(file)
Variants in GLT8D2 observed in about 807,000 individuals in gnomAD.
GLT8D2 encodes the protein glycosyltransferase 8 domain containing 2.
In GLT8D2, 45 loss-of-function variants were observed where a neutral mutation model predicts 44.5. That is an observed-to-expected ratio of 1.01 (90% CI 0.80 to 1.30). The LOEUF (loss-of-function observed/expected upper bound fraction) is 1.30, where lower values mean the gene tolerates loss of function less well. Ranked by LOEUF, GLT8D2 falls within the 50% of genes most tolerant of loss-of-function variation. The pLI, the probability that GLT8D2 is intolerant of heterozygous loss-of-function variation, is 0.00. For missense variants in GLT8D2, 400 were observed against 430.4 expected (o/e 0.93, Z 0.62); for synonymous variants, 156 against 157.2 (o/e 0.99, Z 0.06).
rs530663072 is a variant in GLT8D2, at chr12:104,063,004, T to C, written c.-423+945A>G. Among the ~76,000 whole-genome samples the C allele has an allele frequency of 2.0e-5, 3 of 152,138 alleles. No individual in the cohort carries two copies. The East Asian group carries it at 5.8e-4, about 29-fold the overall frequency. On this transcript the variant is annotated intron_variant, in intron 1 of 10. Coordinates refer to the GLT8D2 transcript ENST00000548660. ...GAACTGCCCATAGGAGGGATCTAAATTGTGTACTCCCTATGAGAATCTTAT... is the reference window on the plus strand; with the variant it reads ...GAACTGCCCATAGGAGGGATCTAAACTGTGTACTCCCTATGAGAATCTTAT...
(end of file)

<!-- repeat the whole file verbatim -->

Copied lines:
Variants in GLT8D2 observed in about 807,000 individuals in gnomAD.
GLT8D2 encodes the protein glycosyltransferase 8 domain containing 2.
In GLT8D2, 45 loss-of-function variants were observed where a neutral mutation model predicts 44.5. That is an observed-to-expected ratio of 1.01 (90% CI 0.80 to 1.30). The LOEUF (loss-of-function observed/expected upper bound fraction) is 1.30, where lower values mean the gene tolerates loss of function less well. Ranked by LOEUF, GLT8D2 falls within the 50% of genes most tolerant of loss-of-function variation. The pLI, the probability that GLT8D2 is intolerant of heterozygous loss-of-function variation, is 0.00. For missense variants in GLT8D2, 400 were observed against 430.4 expected (o/e 0.93, Z 0.62); for synonymous variants, 156 against 157.2 (o/e 0.99, Z 0.06).
rs530663072 is a variant in GLT8D2, at chr12:104,063,004, T to C, written c.-423+945A>G. Among the ~76,000 whole-genome samples the C allele has an allele frequency of 2.0e-5, 3 of 152,138 alleles. No individual in the cohort carries two copies. The East Asian group carries it at 5.8e-4, about 29-fold the overall frequency. On this transcript the variant is annotated intron_variant, in intron 1 of 10. Coordinates refer to the GLT8D2 transcript ENST00000548660. ...GAACTGCCCATAGGAGGGATCTAAATTGTGTACTCCCTATGAGAATCTTAT... is the reference window on the plus strand; with the variant it reads ...GAACTGCCCATAGGAGGGATCTAAACTGTGTACTCCCTATGAGAATCTTAT...